In 1935–36, a Hindu-Muslim clash occurred over a Hindu girl of Bannu, who had married a Muslim. The tribesmen rallied around Mirzali Khan, a tribal leader in Waziristan, who was later given the title of “the Faqir of Ipi” by the British. Jihad was declared against the British. Mirzali Khan, with his huge lashkar (force), started a guerrilla warfare against the British forces in Waziristan.In 1938, Mirzali Khan shifted from Ipi to Gurwek, a remote village in Waziristan on the Durand Line near Razmak, where he declared an independent state and continued the raids against the British forces. In June 1947, Mirzali Khan, along with his allies, including the Khudai Khidmatgars and members of the Provincial Assembly, declared the Bannu Resolution. The resolution demanded that the Pashtuns be given a choice to have an independent state of Pashtunistan, composing all Pashtun majority territories of British India, instead of being made to join Pakistan. However, the British Raj refused to comply with the demand of this resolution.[8][9] After the creation of Pakistan in August 1947, Mirzali Khan and his followers refused to recognise Pakistan, and launched a campaign against Pakistan. They continued their guerilla warfare against the new nation’s government.[10] In 1950, they announced the creation of Pashtunistan as an independent nation. A Pashtun tribal jirga, held in Razmak, appointed Mirzali Khan as the President of the National Assembly for Pashtunistan. He didn’t surrender to the government of Pakistan throughout his life. However, his popularity among the people of Waziristan declined over the years, with several jirgas in Waziristan deciding to support Pakistan. He died a natural death in 1960 in Gurwek.[11]The annexed areas continued to be governed through the Frontier Crimes Regulations after the creation of Pakistan in 1947, by the Dominion of Pakistan in 1947, and into the Islamic Republic of Pakistan in 1956.[12] Even in the 1970s travellers through the Khyber Pass, such as those taking the Hippie Trail, were warned to stay close to the road because the Pakistani government had no control over the adjacent lands.According to the United States Institute of Peace, the character of the region underwent a shift beginning in the 1980s. Mujahideen entered to fight against the jirgas as allies of the CIA Operation Cyclone; both were opposed to forces of the Soviet Union prior to the fall of the Berlin Wall and collapse of Soviet Union.[13]In 2001, the Tehrik-e-Taliban militants began entering into the region.[13] In 2003, Taliban forces sheltered in the Federally Administered Tribal Areas began crossing the border into Afghanistan, attacking military and police after the United States invasion.[14] Shkin, Afghanistan is a key location for these frequent battles. This heavily fortified military base has housed mostly American special operations forces since 2002 and is located six kilometers from the Pakistani border. It is considered the most dangerous location in Afghanistan.[15][16]With the encouragement of the United States, 80,000 Pakistani troops entered the Federally Administered Tribal Areas in March 2004 to search for al-Qaeda operatives. They were met with fierce resistance from Pakistani Taliban.[14] It was not the elders, but the Pakistani Taliban who negotiated a truce with the army, an indication of the extent to which the Pakistani Taliban had taken control.[14] Troops entered the region, into South Waziristan and North Waziristan, eight more times between 2004 and 2006, and faced further Pakistani Taliban resistance. Peace accords entered into in 2004 and 2006 set terms whereby the tribesmen in the area would stop attacking Afghanistan, and the Pakistanis would halt major military actions against the Federally Administered Tribal Areas, release all prisoners, and permit tribesmen to carry small guns.[14] On 4 June 2007, the National Security Council of Pakistan met to decide the fate of Waziristan and take up a number of political and administrative decisions to control “Talibanization” of the area. The meeting was chaired by President Pervez Musharraf and it was attended by the Chief Ministers and Governors of all four provinces. They discussed the deteriorating law and order situation and the threat posed to state security. To crush the armed militancy in the Tribal regions and Khyber-Pakhtunkhwa, the government decided to intensify and reinforce law enforcement and military activity, take action against certain madrassahs, and jam illegal FM radio stations.[17]The Federally Administered Tribal Areas are bordered by: Afghanistan to the north and west with the border marked by the Durand Line, Khyber Pakhtunkhwa to the east, and Balochistan to the south.The seven Tribal Areas lie in a north-to-south strip that is adjacent to the west side of the six Frontier Regions, which also lie in a north-to-south strip. The areas within each of those two regions are geographically arranged in a sequence from north to south.The geographical arrangement of the seven Tribal Areas in order from north to south is: Bajaur, Mohmand, Khyber, Orakzai, Kurram, North Waziristan, South Waziristan. The geographical arrangement of the six Frontier Regions in order from north to south is: Peshawar, Kohat, Bannu, Lakki Marwat, Tank, Dera Ismail Khan.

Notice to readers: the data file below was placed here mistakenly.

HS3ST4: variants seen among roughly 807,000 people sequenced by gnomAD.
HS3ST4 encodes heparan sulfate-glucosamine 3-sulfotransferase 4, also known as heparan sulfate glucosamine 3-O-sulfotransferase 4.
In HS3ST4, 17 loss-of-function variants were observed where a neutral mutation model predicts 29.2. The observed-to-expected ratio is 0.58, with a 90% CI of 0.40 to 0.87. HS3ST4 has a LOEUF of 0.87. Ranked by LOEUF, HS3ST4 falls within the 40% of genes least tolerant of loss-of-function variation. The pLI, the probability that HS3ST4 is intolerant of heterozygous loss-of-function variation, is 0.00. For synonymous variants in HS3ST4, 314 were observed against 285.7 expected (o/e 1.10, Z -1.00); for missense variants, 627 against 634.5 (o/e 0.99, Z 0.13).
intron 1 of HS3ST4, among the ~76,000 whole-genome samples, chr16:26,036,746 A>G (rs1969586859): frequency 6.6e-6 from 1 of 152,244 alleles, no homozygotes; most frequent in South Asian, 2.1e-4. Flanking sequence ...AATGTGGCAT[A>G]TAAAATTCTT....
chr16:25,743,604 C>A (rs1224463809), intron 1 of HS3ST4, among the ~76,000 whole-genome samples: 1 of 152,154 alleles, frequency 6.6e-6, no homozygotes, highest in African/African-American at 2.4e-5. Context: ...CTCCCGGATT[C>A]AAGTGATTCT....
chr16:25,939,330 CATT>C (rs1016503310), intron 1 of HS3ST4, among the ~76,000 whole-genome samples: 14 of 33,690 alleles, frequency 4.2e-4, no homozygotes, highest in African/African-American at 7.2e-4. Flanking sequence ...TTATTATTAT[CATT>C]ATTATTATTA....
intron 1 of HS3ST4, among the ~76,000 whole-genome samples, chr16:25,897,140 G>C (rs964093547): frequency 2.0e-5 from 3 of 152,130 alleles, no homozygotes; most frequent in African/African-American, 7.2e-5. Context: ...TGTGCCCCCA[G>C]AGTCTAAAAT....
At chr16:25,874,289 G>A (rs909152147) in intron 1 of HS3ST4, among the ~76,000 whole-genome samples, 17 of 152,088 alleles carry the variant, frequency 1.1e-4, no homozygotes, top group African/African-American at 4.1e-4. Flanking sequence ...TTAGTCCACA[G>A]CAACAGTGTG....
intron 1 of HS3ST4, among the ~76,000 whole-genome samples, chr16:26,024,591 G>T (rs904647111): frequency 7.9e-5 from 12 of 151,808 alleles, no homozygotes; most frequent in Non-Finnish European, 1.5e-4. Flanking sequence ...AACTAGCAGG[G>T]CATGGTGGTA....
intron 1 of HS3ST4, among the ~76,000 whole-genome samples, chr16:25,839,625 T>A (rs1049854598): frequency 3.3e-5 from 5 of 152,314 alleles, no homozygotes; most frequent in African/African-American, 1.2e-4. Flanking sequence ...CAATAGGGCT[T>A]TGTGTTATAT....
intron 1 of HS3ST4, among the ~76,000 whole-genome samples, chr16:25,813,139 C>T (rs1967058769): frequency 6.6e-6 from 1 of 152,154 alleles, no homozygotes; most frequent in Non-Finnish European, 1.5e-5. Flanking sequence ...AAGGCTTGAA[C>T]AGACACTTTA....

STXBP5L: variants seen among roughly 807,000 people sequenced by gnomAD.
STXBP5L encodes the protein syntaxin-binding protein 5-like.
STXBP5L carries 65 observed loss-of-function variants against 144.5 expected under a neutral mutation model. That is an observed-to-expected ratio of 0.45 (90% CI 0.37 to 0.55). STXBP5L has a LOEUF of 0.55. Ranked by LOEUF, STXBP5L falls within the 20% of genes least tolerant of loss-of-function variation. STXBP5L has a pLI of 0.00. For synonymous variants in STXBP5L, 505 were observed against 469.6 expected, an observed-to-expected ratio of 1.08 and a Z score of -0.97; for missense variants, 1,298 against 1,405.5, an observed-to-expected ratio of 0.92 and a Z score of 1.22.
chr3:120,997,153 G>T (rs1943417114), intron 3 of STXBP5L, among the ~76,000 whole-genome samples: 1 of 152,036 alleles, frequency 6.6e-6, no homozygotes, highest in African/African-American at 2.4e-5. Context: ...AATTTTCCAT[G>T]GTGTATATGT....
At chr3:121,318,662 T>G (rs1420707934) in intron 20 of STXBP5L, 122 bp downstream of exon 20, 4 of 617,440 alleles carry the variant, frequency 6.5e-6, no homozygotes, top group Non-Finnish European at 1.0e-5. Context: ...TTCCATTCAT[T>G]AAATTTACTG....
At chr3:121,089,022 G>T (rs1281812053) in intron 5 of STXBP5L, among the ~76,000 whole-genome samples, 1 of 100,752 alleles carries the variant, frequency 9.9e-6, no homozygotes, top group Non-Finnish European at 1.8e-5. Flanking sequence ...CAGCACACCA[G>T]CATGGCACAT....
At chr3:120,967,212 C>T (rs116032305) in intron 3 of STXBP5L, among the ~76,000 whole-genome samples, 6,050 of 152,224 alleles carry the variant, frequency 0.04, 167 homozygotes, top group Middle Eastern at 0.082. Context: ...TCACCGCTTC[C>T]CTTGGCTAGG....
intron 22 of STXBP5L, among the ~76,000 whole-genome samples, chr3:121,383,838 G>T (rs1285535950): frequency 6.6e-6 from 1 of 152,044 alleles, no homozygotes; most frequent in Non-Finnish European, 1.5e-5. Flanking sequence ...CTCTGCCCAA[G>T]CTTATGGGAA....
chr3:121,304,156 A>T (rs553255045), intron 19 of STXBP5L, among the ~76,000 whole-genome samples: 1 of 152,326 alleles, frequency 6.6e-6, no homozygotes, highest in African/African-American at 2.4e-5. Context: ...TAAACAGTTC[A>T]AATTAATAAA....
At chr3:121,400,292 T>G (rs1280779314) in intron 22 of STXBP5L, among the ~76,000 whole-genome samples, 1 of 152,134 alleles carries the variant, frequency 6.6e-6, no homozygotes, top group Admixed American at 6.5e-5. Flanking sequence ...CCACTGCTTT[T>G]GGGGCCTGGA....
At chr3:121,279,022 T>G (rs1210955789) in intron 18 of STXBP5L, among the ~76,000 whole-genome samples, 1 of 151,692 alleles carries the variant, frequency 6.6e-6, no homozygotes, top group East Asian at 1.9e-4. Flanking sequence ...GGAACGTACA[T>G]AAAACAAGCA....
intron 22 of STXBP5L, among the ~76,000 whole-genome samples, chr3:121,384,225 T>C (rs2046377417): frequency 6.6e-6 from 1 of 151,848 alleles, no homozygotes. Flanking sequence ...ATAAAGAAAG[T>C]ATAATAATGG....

New Jobs In Governance And Policy Project FATA 23 May 2018
New Jobs In Governance And Policy Project FATA 23 May 2018